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Image Tags and Carriage Returns

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  • mikew@wtribe.com
    After trying to figure this out for a long, long time, I almost accidentally discovered that inserting a carriage break before or after an image tag will
    Message 1 of 5 , May 31, 2001
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      After trying to figure this out for a long, long time, I almost
      accidentally discovered that inserting a carriage break before or
      after an image tag will change the way that the image is displayed in
      IE or NS.

      For example:

      <IMG SRC="a.jpg"><IMG SRC="b.jpg">

      displays differently than:

      <IMG SRC="a.jpg">
      <IMG SRC="b.jpg">

      (The second example has a 4 pixel gap between the images, while the
      first example doesn't.)

      Here's another example:

      <TD><IMG SRC="a.jpg"></TD>
      <TD><IMG SRC="b.jpg"></TD>

      displays differently than:

      <TD>
      <IMG SRC="a.jpg">
      </TD>
      <TD>
      <IMG SRC="b.jpg">
      </TD>

      (Again, the second example has a 4 pixel gap between the images, even
      with cellpadding and cellspacing set to zero in the <TABLE> tag.)

      Can anyone explain this to me or provide me with some related tips?

      Thanks,

      Mike Wilkinson
    • Lotta
      Hi Mike, ... ... It isn t as peculiar as it may seem. The browser handles images much in the same way as it would text. (Picture this is a
      Message 2 of 5 , May 31, 2001
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        Hi Mike,

        >After trying to figure this out for a long, long time, I almost
        >accidentally discovered that inserting a carriage break before or
        >after an image tag will change the way that the image is displayed in
        >IE or NS.

        <space saving snip>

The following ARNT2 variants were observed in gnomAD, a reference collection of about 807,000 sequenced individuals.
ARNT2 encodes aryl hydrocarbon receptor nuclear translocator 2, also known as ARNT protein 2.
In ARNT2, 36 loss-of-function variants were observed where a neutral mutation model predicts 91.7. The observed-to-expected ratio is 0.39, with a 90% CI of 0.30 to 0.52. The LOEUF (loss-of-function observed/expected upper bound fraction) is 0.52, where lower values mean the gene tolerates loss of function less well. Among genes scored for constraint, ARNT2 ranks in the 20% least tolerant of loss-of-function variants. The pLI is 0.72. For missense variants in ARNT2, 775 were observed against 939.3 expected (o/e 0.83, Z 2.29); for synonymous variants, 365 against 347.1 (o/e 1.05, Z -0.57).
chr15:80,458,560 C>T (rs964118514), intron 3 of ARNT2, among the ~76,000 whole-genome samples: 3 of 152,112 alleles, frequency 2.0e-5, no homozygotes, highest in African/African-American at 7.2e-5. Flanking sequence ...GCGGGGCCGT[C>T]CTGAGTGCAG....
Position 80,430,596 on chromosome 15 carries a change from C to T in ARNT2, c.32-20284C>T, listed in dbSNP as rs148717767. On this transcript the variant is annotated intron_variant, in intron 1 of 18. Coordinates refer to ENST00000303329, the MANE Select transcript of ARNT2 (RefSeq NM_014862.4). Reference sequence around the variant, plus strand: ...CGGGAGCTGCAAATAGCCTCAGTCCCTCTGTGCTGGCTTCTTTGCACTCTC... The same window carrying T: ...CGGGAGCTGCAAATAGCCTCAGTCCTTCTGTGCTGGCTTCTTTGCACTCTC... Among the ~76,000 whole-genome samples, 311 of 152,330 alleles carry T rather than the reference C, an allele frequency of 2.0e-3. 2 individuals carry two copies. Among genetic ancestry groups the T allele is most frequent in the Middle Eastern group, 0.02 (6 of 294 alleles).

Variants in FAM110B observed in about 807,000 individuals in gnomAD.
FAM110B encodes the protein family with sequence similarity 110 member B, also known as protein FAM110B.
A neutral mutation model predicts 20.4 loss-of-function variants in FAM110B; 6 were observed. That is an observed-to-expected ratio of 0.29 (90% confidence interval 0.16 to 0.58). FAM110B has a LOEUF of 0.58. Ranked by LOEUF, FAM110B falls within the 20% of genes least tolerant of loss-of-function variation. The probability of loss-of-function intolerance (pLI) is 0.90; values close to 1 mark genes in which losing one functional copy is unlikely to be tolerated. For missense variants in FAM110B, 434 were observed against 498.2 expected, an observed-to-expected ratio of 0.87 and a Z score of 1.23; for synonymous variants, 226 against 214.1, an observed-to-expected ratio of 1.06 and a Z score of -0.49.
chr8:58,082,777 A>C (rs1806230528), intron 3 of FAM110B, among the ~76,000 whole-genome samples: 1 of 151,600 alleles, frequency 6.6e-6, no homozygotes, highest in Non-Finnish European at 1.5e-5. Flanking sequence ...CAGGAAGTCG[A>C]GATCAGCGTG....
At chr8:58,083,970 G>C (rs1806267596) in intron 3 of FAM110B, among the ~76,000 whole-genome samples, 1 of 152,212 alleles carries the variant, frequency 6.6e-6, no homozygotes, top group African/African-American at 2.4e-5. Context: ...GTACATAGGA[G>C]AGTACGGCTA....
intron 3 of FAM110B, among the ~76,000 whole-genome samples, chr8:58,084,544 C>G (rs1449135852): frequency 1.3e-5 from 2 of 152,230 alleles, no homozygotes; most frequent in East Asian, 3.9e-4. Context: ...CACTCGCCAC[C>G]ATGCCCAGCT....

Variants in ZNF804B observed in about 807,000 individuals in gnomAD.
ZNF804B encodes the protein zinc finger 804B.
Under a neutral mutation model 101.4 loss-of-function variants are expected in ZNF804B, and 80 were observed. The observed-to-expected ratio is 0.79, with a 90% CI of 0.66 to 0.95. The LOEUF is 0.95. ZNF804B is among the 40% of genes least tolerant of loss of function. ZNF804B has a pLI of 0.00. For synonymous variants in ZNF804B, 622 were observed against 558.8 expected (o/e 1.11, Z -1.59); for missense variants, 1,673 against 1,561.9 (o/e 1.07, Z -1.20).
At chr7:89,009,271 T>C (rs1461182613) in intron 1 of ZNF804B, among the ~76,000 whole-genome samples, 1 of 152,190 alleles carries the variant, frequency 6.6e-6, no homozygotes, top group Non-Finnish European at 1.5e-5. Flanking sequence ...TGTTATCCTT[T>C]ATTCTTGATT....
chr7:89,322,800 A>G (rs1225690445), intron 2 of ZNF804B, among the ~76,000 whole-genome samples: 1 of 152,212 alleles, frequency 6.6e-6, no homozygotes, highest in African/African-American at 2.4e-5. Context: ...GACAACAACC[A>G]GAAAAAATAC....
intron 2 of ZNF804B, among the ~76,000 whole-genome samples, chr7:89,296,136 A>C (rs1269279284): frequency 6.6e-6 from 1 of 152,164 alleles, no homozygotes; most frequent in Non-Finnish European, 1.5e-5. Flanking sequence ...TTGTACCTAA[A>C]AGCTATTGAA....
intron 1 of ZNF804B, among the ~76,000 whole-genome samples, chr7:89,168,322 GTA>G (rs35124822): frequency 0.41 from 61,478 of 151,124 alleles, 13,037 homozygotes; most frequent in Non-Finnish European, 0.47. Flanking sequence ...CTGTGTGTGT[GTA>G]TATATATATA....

>Can anyone explain this to me or provide me with some related tips?

        It isn't as peculiar as it may seem. The browser handles images much in the
        same way as it would text.

        (Picture this is a HTML document for awhile)

        blah blah

        displays with a blank space between the words and so will

        <IMG> <IMG>

        When it comes to tables it's again a matter of the browsers way to handle
        whitespace. Especially NS is tricky with this. To make sure you don't get a
        gap between the image and the table border write the code on one long line,
        at least for the <TD><IMG><TD> part. If you have a table with many cells
        with images in them it may be easiest to compress the code for the whole
        table to one line.

        BTW it's the same thing that causes those nasty blue dashes after links.

        <a href="">linktext </a>

        The browser sees the blank space as a part of the link text and obediently
        underlines it.

        Did it help? :)

        Lotta
      • Lotta
        Mike, I made a typo. ... Was of course to be: And I forgot to say that I made double spaces to make it easier to see. One space is enough for it
        Message 3 of 5 , May 31, 2001
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          Mike,

          I made a typo.

          > <TD><IMG><TD>

          Was of course to be:

          <TD><IMG></TD>

          And I forgot to say that I made double spaces to make it easier to see. One
          space is enough for it to show up in the browser.

          One shouldn't write when one ought to sleep.

          Goodnight,
          Lotta
        • Stephen Riddle
          Hi Mike, I m not sure if I can explain it but that has never stopped me before. The browser always condenses white space unless told to do different. If you
          Message 4 of 5 , May 31, 2001
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            Hi Mike,
            I'm not sure if I can explain it but that has never stopped me before.